The top oil producing countries, that together account for nearly 45 percent of total global crude oil production, are the United States, Saudi Arabia, Russia, and China.

World's Top Oil Producing Countries in 2014:

  1. USA   11,644,000 bpd
  2. Saudi Arabia   11,505,000 bpd
  3. Russia   10,838,000 bpd
  4. China    4,246,000 bpd
  5. Canada    4,292,000 bpd
23. Indonesia     852,000 bpd

bpd = barrels per day
Source: BP Statistical Review of World Energy 2015

Although currently many countries are delving into the potential of renewable energy, the global importance of - and dependency on - oil cannot be denied, nor neglected. Fossil fuels will remain to be the most important sources of global primary energy, with oil accounting for 33 percent, coal for 28 percent and natural gas for 23 percent of the total (IMF: April 2011). Renewable sources only constitute a fraction of the total global primary energy supply (primary energy includes fossil fuels - oil, coal and natural gas -, nuclear energy and renewable energy - geothermal, hydropower, solar and wind).

Increased demand for crude oil in combination with supply-side concerns during the 2000s caused the oil price to reach historic highs. Although this rising trend was temporarily interrupted by the global financial crisis of 2008-2009, global oil demand rose substantially after 2009 (and thus the price rose accordingly), largely due to rising consumption levels of crude oil in those emerging and developing countries that show robust GDP growth. China accounts for a large share of the world's energy consumption and therefore affects world market prices for primary energy sources.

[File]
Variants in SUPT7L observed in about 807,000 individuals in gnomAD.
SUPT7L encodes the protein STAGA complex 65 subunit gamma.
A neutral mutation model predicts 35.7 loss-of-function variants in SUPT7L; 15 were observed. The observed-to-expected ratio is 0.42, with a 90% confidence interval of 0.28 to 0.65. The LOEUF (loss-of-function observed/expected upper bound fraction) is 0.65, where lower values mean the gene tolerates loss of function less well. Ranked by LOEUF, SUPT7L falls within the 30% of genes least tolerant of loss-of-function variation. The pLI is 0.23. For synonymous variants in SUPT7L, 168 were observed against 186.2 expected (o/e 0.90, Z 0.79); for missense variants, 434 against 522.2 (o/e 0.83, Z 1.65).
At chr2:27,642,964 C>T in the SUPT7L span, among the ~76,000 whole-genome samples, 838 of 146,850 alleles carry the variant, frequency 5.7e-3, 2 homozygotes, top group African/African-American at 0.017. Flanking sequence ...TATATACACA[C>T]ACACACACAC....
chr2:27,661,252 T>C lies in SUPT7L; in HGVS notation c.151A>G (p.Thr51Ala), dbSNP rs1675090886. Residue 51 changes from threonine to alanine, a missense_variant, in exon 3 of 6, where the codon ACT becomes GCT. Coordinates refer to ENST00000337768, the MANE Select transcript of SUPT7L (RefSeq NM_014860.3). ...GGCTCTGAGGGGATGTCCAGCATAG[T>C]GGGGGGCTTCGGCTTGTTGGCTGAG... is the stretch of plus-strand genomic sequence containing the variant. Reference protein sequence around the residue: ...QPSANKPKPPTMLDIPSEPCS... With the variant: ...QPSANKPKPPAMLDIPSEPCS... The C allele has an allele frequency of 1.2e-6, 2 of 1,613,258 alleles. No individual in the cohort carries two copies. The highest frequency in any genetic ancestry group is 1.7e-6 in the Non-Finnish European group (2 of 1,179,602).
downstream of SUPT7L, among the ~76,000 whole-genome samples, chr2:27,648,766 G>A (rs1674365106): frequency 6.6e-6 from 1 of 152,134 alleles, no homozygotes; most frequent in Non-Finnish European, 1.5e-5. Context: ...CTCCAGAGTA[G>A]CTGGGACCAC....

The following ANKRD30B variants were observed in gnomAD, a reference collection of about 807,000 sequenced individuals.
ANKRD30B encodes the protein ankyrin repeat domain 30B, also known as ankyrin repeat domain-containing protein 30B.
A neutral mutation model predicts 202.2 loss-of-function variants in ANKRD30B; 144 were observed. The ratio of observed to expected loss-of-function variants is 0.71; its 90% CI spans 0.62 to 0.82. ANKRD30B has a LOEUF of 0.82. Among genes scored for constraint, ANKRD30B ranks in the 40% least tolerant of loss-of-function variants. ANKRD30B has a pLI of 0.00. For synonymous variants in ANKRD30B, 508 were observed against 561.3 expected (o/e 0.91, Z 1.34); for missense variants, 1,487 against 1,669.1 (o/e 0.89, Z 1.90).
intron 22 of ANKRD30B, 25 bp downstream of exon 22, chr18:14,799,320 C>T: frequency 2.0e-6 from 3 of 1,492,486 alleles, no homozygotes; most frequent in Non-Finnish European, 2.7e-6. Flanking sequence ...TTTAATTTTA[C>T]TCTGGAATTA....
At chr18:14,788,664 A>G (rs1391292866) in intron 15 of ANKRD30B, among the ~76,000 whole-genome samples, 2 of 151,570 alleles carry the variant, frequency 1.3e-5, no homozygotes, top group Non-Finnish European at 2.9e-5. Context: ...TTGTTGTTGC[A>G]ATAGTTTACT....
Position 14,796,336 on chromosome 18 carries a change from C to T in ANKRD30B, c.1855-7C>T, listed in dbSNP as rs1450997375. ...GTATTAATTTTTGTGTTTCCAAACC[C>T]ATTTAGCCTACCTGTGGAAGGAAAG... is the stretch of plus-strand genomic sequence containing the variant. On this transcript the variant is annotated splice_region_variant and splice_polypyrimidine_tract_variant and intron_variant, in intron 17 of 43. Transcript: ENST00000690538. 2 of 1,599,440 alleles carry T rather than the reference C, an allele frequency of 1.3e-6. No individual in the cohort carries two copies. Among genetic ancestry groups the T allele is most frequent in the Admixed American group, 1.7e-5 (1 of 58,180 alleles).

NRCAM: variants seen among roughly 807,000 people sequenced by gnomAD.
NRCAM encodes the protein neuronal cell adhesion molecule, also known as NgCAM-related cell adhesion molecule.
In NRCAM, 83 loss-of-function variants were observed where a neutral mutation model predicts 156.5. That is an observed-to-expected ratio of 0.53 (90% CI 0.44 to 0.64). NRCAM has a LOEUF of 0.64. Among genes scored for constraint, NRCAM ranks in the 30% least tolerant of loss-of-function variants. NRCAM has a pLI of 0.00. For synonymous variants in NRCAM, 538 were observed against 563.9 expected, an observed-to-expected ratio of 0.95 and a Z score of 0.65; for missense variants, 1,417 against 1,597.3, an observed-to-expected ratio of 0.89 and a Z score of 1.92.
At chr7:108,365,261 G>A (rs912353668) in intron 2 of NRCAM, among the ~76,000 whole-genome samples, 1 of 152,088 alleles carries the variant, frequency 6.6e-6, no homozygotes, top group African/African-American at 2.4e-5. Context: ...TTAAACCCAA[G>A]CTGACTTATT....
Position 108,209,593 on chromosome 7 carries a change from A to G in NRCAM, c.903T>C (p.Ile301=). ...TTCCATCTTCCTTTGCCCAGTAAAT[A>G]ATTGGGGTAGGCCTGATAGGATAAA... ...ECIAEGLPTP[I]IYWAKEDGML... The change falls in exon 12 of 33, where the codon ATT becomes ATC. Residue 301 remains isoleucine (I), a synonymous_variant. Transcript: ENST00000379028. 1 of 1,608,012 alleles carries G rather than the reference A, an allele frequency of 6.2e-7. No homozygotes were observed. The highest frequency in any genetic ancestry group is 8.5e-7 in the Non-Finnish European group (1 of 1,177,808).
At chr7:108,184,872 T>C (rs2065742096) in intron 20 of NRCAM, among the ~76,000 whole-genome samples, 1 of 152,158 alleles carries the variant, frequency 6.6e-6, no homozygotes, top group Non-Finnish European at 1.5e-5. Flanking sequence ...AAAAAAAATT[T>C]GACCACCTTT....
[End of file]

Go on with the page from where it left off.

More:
However, from mid-2014 global oil prices started to decline sharply on sluggish global economic activity (particularly due to rapidly falling economic growth in China as its government has been trying to shift the economy from export-oriented to become consumption-oriented) and an increase in US shale production, while the Organization of Petroleum Exporting Countries (OPEC) decided not to curb production rates.

Crude Oil Price:

Crude Oil in Indonesia

Indonesia's Declining Oil Production and Rising Oil Consumption

Starting in the 1990s Indonesia's crude oil production has experienced a steady downward trend due to a lack of exploration and investments in this sector. In recent years the country's oil and gas sector actually hampered national GDP growth. Oil production targets, set by the government at the start of each year, have not been achieved for a number of years in a row because most oil production stems from mature oil fields. Today, Indonesia's total of oil refineries have roughly the same combined capacity as a decade ago, indicating that there has been limited progress in oil production, resulting in the current need to import oil to meet domestic demand.

The decline in Indonesia's oil production in combination with increased domestic demand turned Indonesia into a net oil importer from 2004 onward, implying that it had to terminate its long-term membership (1962-2008) in the OPEC. However, Indonesia will re-join the OPEC in December 2015.

The table below exhibits Indonesia's declining oil production over the last decade. The table is divided in two production figures; one taken from multinational oil and gas company BP Global (of which the figures constitute crude oil, shale oil, oil sands and natural gas liquids), and the other figures are taken from Indonesian state oil and gas regulator SKKMigas (these figures constitute crude oil and condensate).

Indonesia's Oil Production¹: